Networking in Monkey?

Monkey Forums/Monkey Beginners/Networking in Monkey?

Yevoc(Posted 2015) [#1]
Hi all,

I'm starting a 2D side-scroller MMO, and while I do a lot of programming in my day job, I'm fairly new to game programming.

Monkey X looks very promising in terms of the rendering performance I could expect, but I'm a little worried about the networking side of things, as there's virtually nothing to see on the site except a little bit in the API.

I can take care of the server side of things, but how is Monkey X for the client-side of networking, specifically high-rate unreliable UDP that you'd need for an action MMO? Is that fairly straightforward with the existing platform, or am I basically going to be building it from scratch?


ImmutableOctet(SKNG)(Posted 2015) [#2]
Unless you're looking for a pre-built game networking engine (Which would usually require a lot of conformity in your own engine), then Monkey gives you the tools you need. Basically, you'd be using 'brl.socket', 'brl.datastream' (Or a similar streaming method), and 'brl.databuffer' for network I/O. You'd need to format your packets as you see fit, following whatever format you want. It's raw data transfer, like any other socket module. Other than raw socket utilities, Monkey provides built-in/standard asynchronous functionality, allowing you to perform networking operations on other threads. For example, a standard 'ReceiveFrom' call would block the current thread until a message was received. Using 'ReceiveFromAsync' and 'IOnReceiveFromComplete', you could do this on another thread managed by 'brl.socket'. Of course, there's a few design quirks to doing this, but it's usually pretty natural for a networking framework.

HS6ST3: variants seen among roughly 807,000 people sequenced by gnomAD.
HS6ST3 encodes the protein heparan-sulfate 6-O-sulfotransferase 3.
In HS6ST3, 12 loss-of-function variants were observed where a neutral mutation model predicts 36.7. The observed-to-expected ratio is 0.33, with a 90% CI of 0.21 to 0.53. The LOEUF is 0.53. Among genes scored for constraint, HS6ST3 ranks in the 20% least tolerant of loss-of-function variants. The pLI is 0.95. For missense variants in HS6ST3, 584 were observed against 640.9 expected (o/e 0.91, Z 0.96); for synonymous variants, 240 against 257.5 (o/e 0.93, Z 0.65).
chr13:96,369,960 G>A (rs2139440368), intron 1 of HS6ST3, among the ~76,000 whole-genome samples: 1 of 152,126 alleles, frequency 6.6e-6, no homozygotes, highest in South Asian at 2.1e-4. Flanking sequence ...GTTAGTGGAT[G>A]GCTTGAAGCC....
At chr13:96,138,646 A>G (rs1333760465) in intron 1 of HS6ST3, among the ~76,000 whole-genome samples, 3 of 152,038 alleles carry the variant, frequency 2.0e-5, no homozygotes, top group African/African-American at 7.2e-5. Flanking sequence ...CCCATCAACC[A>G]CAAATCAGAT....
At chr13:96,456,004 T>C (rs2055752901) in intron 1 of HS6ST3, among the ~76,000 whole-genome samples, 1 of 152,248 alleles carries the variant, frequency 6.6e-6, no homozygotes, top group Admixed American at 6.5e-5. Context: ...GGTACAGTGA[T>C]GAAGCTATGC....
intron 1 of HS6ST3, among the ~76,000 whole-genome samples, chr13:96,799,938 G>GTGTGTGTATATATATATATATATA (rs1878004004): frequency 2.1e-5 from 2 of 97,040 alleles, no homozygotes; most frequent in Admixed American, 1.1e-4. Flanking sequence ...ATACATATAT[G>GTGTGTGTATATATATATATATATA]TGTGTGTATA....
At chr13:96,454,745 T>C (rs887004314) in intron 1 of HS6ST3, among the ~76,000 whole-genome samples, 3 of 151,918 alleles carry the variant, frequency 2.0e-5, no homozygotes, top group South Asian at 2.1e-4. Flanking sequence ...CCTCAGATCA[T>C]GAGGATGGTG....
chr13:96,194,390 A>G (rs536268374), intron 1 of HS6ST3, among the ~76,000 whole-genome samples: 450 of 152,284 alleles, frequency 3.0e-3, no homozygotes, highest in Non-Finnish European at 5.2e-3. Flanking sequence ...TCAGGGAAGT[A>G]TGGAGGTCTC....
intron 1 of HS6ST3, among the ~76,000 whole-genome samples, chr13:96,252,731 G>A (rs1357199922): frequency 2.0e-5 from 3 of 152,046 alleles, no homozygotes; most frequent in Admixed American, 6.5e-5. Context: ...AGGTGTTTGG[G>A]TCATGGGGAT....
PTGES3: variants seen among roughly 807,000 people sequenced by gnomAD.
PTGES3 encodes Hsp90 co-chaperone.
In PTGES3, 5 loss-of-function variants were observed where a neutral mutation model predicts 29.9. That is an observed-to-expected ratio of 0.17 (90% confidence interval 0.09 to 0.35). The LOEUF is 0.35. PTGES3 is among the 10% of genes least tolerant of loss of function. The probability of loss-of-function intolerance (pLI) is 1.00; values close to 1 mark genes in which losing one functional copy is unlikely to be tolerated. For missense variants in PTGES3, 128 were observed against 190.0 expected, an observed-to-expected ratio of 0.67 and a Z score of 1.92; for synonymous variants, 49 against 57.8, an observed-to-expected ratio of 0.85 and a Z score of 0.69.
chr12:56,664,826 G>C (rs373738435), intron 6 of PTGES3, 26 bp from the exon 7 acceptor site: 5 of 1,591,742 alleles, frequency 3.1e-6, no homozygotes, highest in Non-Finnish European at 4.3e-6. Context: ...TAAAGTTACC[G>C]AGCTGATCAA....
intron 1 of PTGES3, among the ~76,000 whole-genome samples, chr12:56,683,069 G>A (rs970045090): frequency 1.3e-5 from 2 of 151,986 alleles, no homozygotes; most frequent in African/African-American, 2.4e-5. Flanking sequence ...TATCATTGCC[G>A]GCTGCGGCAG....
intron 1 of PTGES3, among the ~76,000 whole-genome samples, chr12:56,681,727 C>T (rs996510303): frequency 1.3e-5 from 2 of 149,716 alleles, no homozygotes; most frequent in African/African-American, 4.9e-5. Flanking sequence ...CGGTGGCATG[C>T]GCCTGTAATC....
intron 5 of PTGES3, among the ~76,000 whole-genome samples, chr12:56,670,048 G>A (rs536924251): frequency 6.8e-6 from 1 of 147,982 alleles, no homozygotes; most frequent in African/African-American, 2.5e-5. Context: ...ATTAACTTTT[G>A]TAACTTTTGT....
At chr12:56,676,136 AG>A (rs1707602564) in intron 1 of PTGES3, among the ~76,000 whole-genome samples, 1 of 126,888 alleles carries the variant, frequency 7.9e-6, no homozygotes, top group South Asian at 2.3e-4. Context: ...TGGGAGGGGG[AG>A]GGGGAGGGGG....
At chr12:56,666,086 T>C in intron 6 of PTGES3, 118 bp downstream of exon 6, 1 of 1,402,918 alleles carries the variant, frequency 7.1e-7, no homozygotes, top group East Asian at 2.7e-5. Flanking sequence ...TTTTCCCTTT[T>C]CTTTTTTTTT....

What you'd probably want is a way to handle packets how you see fit; but a basic framework to manage them, as well as handle stream management and deployment. For that, you'd want a lower-level solution.

I wrote / am writing this module. That's basically the start of a lower-level networking framework that supports reliable and unreliable messages. It also supports both TCP and UDP, and handles things asynchronously, using 'brl.socket'. That being said, it's not really production ready. Though it works, it's still experimental, and is missing a few features. It also requires some of my other modules (As stated here), meaning it isn't dependency-free. However, if you're interested in building your own networking system, it's not a bad reference on using the API.